The proposal would also include a limited set of servicing requirements that could lower the risk on default of residential mortgages as part of its QRM criteria.
For example, an originator of a QRM would be required to incorporate certain requirements regarding servicing policies, like loss mitigation actions and procedures for dealing with second liens when a first one is modified.
Regulators were quick to note that any servicing requirements included in the proposal will not replace ongoing interagency efforts to develop national mortgage servicing standards. According to the summary, the interagency effort is considering a number of factors not included in the QRM, including the quality of customer services provided throughout the life of the mortgage, foreclosure processing, and servicer compensation and payment obligations.
It also left open to comment whether a national approach would be a more effective in addressing servicing problems over its proposed QRM criteria.
Importantly, regulators appear to be considering possible alternatives to QRM. According to sources, the proposal will ask whether the proposed definition is too narrow and suggest at least two alternatives. Under one plan, regulators would create a second-class of loans that are exempt from a 5% risk retention requirement, but include at least some risk retention amount between 0% and 5%. Under another plan, regulators could broaden QRM criteria to capture more loans but enforce a tougher risk retention requirement for loans that fall outside that status.
Exempt Asset Classes
Qualified assets such as auto loans, commercial loans, commercial real estate, and residential mortgage would not be required to retain any part of the credit risk if they meet the underwriting standards included in the proposal.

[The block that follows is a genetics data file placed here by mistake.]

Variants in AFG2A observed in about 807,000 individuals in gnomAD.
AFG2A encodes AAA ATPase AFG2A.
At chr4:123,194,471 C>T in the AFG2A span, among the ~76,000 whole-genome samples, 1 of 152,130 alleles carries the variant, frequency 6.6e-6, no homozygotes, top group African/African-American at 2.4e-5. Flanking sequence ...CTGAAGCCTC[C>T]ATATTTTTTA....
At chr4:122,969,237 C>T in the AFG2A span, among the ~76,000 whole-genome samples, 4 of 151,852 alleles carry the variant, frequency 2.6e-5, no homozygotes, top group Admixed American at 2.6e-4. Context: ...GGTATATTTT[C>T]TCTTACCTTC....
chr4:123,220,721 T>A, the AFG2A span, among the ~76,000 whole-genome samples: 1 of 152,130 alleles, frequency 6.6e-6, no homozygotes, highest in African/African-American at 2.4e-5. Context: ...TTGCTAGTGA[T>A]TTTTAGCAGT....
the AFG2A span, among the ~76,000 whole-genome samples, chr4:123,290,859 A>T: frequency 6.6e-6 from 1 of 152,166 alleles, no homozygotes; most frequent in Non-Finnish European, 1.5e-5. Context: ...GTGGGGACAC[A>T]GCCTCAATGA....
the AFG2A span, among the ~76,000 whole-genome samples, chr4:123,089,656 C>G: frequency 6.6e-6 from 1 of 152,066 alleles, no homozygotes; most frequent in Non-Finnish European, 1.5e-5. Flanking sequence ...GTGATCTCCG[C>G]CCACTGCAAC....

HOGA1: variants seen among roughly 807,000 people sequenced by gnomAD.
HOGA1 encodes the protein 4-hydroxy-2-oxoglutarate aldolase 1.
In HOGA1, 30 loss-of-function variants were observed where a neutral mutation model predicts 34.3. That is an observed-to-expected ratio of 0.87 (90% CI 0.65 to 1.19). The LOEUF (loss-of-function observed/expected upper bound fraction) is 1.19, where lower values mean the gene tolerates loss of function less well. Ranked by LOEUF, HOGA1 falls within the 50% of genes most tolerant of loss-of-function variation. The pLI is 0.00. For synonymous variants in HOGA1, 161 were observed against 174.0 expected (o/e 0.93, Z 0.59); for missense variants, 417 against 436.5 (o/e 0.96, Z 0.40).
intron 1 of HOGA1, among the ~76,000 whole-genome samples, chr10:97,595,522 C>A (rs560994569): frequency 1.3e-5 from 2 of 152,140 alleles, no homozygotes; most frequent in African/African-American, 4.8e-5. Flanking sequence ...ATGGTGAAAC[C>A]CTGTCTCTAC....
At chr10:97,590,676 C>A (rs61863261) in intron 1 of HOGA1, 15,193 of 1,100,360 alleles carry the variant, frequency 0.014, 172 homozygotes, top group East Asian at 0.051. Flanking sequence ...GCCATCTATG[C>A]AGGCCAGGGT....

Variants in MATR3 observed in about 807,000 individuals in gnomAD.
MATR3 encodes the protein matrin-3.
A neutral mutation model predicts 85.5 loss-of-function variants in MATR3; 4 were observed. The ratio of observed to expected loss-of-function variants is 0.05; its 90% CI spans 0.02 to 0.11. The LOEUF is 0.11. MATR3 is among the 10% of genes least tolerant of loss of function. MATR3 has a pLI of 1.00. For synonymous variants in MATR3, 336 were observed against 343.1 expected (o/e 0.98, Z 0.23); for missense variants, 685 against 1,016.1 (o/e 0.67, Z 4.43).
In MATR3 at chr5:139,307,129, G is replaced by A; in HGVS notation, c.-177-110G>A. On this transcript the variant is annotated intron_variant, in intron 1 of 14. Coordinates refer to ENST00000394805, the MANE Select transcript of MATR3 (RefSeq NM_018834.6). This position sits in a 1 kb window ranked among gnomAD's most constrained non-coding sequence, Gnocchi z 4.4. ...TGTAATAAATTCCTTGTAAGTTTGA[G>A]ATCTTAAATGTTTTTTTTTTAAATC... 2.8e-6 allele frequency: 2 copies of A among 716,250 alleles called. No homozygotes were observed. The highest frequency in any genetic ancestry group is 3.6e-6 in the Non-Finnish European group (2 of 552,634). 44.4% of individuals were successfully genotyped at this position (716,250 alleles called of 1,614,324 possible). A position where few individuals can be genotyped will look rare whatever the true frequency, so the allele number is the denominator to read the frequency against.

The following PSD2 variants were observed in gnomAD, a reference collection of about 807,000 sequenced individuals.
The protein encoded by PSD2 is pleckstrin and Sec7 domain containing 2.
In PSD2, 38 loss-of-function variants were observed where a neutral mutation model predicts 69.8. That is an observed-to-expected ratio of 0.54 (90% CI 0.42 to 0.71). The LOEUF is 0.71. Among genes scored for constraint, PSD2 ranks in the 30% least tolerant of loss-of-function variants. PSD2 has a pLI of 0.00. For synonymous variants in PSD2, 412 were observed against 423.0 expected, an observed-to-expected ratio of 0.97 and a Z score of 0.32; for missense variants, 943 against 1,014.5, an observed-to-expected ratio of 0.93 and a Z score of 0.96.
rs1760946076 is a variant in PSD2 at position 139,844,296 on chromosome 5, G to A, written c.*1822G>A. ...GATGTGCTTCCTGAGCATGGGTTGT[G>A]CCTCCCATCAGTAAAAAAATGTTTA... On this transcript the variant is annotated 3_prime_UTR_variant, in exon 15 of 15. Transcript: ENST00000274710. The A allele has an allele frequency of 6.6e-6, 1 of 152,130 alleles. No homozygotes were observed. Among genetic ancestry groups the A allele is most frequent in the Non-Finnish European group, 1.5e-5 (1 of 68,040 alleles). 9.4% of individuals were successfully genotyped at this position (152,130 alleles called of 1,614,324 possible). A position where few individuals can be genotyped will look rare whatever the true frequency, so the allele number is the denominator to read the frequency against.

Regulators said auto loans, for example given its depreciable nature, should focus primarily on the borrower's ability to repay the loan. In the case of commercial loans, underwriting standards should be designed to ensure that the borrower's business would remain in sound financial condition and would have the ability to repay the loan.
The agencies did not propose a different set of residential mortgage underwriting than the QRM standards at this time.
The agencies can develop underwriting rules for more asset classes, but chose not to do so at this time.
As a backstop measure, two provisions have been included in the proposed rule to guard against abuse of the QRM, or possible exemptions. Under the first, the sponsor would be required to provide a self-certification to ensure that loans were underwritten in accordance with the rule. In the second, for loans which are later deemed as not having the proper underwriting standards, the sponsors must buy them back within 90 days.
As expected, federal and state guarantees are exempted, as are single class re-securitizations.
Risk Retention Structure